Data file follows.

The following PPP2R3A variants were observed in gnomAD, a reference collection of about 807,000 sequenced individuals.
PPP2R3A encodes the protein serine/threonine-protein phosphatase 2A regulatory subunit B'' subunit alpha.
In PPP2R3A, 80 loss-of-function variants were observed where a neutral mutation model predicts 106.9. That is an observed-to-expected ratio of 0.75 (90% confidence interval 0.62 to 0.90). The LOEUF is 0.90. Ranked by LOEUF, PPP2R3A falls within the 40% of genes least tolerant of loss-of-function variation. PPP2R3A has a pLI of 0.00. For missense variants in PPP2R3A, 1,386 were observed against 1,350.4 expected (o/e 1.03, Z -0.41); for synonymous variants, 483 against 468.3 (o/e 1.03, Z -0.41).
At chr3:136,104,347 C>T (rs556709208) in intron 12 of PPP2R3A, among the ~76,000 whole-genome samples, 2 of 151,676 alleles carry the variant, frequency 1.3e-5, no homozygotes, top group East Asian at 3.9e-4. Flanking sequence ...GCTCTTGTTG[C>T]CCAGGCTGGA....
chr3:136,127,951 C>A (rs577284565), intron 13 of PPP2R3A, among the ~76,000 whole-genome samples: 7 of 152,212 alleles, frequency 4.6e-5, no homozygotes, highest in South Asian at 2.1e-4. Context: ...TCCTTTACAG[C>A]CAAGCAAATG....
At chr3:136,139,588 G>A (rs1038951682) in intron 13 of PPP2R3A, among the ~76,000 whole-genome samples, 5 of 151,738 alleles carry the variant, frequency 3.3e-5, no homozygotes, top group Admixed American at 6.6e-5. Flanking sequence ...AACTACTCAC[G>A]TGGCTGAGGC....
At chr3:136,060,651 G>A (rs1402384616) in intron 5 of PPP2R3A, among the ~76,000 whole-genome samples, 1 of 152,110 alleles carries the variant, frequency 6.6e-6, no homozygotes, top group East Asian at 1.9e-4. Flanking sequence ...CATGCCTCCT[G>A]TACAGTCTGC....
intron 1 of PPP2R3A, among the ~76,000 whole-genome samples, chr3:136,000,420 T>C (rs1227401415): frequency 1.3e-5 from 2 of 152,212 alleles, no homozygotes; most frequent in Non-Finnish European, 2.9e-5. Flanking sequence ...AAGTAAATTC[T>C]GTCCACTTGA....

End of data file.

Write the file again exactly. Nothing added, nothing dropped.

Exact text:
The following PPP2R3A variants were observed in gnomAD, a reference collection of about 807,000 sequenced individuals.
PPP2R3A encodes the protein serine/threonine-protein phosphatase 2A regulatory subunit B'' subunit alpha.
In PPP2R3A, 80 loss-of-function variants were observed where a neutral mutation model predicts 106.9. That is an observed-to-expected ratio of 0.75 (90% confidence interval 0.62 to 0.90). The LOEUF is 0.90. Ranked by LOEUF, PPP2R3A falls within the 40% of genes least tolerant of loss-of-function variation. PPP2R3A has a pLI of 0.00. For missense variants in PPP2R3A, 1,386 were observed against 1,350.4 expected (o/e 1.03, Z -0.41); for synonymous variants, 483 against 468.3 (o/e 1.03, Z -0.41).
At chr3:136,104,347 C>T (rs556709208) in intron 12 of PPP2R3A, among the ~76,000 whole-genome samples, 2 of 151,676 alleles carry the variant, frequency 1.3e-5, no homozygotes, top group East Asian at 3.9e-4. Flanking sequence ...GCTCTTGTTG[C>T]CCAGGCTGGA....
chr3:136,127,951 C>A (rs577284565), intron 13 of PPP2R3A, among the ~76,000 whole-genome samples: 7 of 152,212 alleles, frequency 4.6e-5, no homozygotes, highest in South Asian at 2.1e-4. Context: ...TCCTTTACAG[C>A]CAAGCAAATG....
At chr3:136,139,588 G>A (rs1038951682) in intron 13 of PPP2R3A, among the ~76,000 whole-genome samples, 5 of 151,738 alleles carry the variant, frequency 3.3e-5, no homozygotes, top group Admixed American at 6.6e-5. Flanking sequence ...AACTACTCAC[G>A]TGGCTGAGGC....
At chr3:136,060,651 G>A (rs1402384616) in intron 5 of PPP2R3A, among the ~76,000 whole-genome samples, 1 of 152,110 alleles carries the variant, frequency 6.6e-6, no homozygotes, top group East Asian at 1.9e-4. Flanking sequence ...CATGCCTCCT[G>A]TACAGTCTGC....
intron 1 of PPP2R3A, among the ~76,000 whole-genome samples, chr3:136,000,420 T>C (rs1227401415): frequency 1.3e-5 from 2 of 152,212 alleles, no homozygotes; most frequent in Non-Finnish European, 2.9e-5. Flanking sequence ...AAGTAAATTC[T>C]GTCCACTTGA....